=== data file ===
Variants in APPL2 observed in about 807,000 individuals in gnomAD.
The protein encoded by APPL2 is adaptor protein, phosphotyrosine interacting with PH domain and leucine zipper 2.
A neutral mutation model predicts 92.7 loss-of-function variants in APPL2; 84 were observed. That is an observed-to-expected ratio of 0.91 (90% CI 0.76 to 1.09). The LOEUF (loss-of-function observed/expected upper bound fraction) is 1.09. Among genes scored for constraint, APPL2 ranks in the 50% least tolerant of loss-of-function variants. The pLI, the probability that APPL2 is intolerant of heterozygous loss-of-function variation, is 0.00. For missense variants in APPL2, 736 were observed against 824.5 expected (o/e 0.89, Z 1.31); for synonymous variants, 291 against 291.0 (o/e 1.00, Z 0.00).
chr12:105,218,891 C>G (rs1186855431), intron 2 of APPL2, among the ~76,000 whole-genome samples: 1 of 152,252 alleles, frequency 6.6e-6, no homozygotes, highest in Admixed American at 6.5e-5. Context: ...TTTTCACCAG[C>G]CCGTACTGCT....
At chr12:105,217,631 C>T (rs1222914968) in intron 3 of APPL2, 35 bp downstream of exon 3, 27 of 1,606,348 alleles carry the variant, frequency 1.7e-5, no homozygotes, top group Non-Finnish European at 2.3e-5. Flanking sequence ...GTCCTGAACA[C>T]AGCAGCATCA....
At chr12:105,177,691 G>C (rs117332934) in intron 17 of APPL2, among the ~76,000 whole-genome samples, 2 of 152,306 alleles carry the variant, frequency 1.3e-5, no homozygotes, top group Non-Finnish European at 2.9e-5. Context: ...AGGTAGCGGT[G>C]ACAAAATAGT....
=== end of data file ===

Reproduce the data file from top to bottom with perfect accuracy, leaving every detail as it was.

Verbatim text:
Variants in APPL2 observed in about 807,000 individuals in gnomAD.
The protein encoded by APPL2 is adaptor protein, phosphotyrosine interacting with PH domain and leucine zipper 2.
A neutral mutation model predicts 92.7 loss-of-function variants in APPL2; 84 were observed. That is an observed-to-expected ratio of 0.91 (90% CI 0.76 to 1.09). The LOEUF (loss-of-function observed/expected upper bound fraction) is 1.09. Among genes scored for constraint, APPL2 ranks in the 50% least tolerant of loss-of-function variants. The pLI, the probability that APPL2 is intolerant of heterozygous loss-of-function variation, is 0.00. For missense variants in APPL2, 736 were observed against 824.5 expected (o/e 0.89, Z 1.31); for synonymous variants, 291 against 291.0 (o/e 1.00, Z 0.00).
chr12:105,218,891 C>G (rs1186855431), intron 2 of APPL2, among the ~76,000 whole-genome samples: 1 of 152,252 alleles, frequency 6.6e-6, no homozygotes, highest in Admixed American at 6.5e-5. Context: ...TTTTCACCAG[C>G]CCGTACTGCT....
At chr12:105,217,631 C>T (rs1222914968) in intron 3 of APPL2, 35 bp downstream of exon 3, 27 of 1,606,348 alleles carry the variant, frequency 1.7e-5, no homozygotes, top group Non-Finnish European at 2.3e-5. Flanking sequence ...GTCCTGAACA[C>T]AGCAGCATCA....
At chr12:105,177,691 G>C (rs117332934) in intron 17 of APPL2, among the ~76,000 whole-genome samples, 2 of 152,306 alleles carry the variant, frequency 1.3e-5, no homozygotes, top group Non-Finnish European at 2.9e-5. Context: ...AGGTAGCGGT[G>C]ACAAAATAGT....